ENTERTAINMENT
09/06/2020 11:27 BST

Jonathan Ross Backtracks After Defending JK Rowling: 'I’m Not In A Position To Decide What's Considered Transphobic'

The presenter was criticised for supporting the Harry Potter author over her controversial tweets about menstruation and biological sex.

Jonathan Ross has backtracked on his defence of JK Rowling, stating it is not for him to decide “what is or isn’t considered transphobic”. 

The chat show host faced criticism after he spoke up for the Harry Potter author, after she posted a series of controversial tweets about menstruation and biological sex over the weekend.

On Saturday, the author commented on an article titled, Creating a More Equal Post-COVID-19 World for People Who Menstruate, pushing back against the headline for not referring to those who have periods as “women”.

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Jonathan Ross and JK Rowling

“I’m sure there used to be a word for those people. Someone help me out. Wumben? Wimpund? Woomud?,” she tweeted, before adding: “If sex isn’t real, there’s no same-sex attraction. If sex isn’t real, the lived reality of women globally is erased.

“I know and love trans people, but erasing the concept of sex removes the ability of many to meaningfully discuss their lives. It isn’t hate to speak the truth.”

The tweet sparked a wave of backlash from the LGBTQ community and its supporters, who accused her of invalidating trans people, with Jonathan speaking out to insist the writer was not “transphobic”.

However, he has since spoken out again after a conversation with his daughters about his original tweet.

He said: “Those who know me will concede I try to be thoughtful & not a dick. Having talked to some people (OK, my daughters) re my earlier tweet, I’ve come to accept that I’m not in a position to decide what is or isn’t considered transphobic.

“It’s a wildly sensitive subject. Let’s keep talking.”

He previously tweeted: “I just ate too many brownies. Again. Oh, and also. @jk_rowling is both right and magnificent. For those accusing her of transphobia, please read what she wrote. She clearly is not.”

In follow-up tweets sent on Saturday, Rowling insisted that accusations that she was transphobic were “nonsense”.

“The idea that women like me, who’ve been empathetic to trans people for decades, feeling kinship because they’re vulnerable in the same way as women – ie, to male violence – ‘hate’ trans people because they think sex is real and has lived consequences – is a nonsense,” she tweeted.

“I respect every trans person’s right to live any way that feels authentic and comfortable to them. I’d march with you if you were discriminated against on the basis of being trans. At the same time, my life has been shaped by being female. I do not believe it’s hateful to say so.”

Harry Potter actor Daniel Radcliffe has since spoken out in support of the trans community, after feeling “compelled to say something”.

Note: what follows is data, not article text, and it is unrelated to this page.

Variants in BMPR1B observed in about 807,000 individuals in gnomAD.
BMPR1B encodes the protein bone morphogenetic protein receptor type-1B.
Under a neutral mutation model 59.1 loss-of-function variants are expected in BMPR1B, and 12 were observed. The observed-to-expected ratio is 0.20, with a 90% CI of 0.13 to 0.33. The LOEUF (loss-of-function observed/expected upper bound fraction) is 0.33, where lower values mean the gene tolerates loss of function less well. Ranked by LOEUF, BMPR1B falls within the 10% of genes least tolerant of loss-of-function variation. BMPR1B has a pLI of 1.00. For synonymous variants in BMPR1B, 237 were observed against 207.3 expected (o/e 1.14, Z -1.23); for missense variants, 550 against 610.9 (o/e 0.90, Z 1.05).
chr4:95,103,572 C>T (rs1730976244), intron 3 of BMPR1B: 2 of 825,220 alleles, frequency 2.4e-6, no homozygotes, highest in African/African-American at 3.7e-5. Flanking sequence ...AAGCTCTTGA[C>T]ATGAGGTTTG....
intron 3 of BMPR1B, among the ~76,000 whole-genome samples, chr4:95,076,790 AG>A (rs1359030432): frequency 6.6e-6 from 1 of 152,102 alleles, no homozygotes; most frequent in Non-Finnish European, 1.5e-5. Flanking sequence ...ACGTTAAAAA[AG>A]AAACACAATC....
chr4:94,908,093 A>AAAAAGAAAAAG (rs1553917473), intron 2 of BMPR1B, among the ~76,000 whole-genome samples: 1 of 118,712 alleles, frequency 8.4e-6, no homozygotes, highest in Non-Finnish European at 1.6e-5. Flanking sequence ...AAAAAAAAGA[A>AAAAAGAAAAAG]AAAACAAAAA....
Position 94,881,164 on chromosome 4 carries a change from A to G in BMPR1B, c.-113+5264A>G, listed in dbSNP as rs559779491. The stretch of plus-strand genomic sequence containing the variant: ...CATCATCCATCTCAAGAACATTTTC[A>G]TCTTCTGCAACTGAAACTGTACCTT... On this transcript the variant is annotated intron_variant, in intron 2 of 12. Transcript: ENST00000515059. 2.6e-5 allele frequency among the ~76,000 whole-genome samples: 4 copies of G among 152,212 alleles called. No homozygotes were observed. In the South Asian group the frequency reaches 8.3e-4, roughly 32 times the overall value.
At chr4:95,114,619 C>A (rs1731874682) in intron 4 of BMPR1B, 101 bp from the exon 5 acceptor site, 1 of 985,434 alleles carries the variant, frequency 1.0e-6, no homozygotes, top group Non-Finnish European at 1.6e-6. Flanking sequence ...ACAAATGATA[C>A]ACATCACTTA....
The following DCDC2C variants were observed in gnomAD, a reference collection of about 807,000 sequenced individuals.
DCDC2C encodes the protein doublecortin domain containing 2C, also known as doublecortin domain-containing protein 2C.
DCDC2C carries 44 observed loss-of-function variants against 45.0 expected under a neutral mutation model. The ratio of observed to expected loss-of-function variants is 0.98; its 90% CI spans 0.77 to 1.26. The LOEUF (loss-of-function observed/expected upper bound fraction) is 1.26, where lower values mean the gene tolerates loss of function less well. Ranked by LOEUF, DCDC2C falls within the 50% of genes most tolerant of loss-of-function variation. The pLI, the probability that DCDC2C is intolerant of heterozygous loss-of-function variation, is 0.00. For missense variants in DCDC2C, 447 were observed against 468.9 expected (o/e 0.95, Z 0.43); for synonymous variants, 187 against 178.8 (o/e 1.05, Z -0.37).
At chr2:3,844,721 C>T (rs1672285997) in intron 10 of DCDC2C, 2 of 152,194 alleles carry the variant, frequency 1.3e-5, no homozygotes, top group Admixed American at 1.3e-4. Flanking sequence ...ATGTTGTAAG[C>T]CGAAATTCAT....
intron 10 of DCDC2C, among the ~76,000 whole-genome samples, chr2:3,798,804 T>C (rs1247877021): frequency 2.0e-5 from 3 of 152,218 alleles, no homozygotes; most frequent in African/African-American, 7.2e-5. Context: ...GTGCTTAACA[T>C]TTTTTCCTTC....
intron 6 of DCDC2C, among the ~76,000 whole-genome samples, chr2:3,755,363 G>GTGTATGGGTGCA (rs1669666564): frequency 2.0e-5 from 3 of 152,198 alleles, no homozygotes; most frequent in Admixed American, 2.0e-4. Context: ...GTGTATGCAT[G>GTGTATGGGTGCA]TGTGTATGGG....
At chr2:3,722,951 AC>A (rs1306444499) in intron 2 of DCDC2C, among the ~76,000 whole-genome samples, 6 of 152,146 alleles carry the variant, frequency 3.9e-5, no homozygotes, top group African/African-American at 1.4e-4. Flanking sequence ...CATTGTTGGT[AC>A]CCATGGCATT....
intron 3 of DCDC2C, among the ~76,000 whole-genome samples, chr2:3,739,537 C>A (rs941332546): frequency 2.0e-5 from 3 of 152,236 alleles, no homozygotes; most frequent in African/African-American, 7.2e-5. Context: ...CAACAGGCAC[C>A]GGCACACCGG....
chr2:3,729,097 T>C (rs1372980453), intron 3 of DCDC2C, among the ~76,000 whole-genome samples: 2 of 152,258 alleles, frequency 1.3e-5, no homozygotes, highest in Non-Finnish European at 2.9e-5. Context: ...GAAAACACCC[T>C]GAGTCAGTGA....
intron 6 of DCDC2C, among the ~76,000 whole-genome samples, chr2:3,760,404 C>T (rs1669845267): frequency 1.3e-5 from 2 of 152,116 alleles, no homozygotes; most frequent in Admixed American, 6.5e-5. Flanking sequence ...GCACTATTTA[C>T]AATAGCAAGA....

Daniel shared a statement through the LGBTQ suicide prevention charity The Trevor Project, and while he claimed that the issue is not about “in-fighting between JK Rowling and myself,” he said: “Transgender women are women. Any statement to the contrary erases the identity and dignity of transgender people and goes against all advice given by professional health care associations who have far more expertise on this subject matter than either Jo or I.”

It is not the first time the author has been called out by the trans community and their allies.

Back in 2018, the Wizarding World creator sparked a backlash when she was seen “liking” a tweet referring to transgender women as “men in dresses”.

Her rep later put this down to a “clumsy” and “middle-aged mistake”.

Towards the end of last year, she was criticised when she spoke out in defence of Maya Forstater, who had been accused of using “offensive and exclusionary” language in a number of tweets relating to proposed changes to the Gender Recognition Act, which would allow self-identification.

Last month, Rowling spoke out after tweeting – and swiftly deleting – a post that contained a sentence misgendering a transgender woman.

She said she had “accidentally pasted in” a sentence, which appeared to be from an article about transgender activist Tara Wolf.

Useful websites and helplines:

  • The Gender Trust supports anyone affected by gender identity | 01527 894 838
  • Mermaids offers information, support, friendship and shared experiences for young people with gender identity issues | 0208 1234819
  • LGBT Youth Scotland is the largest youth and community-based organisation for LGBT people in Scotland. Text 07786 202 370
  • Gires provides information for trans people, their families and professionals who care for them | 01372 801554
  • Depend provides support, advice and information for anyone who knows, or is related to, a transsexual person in the UK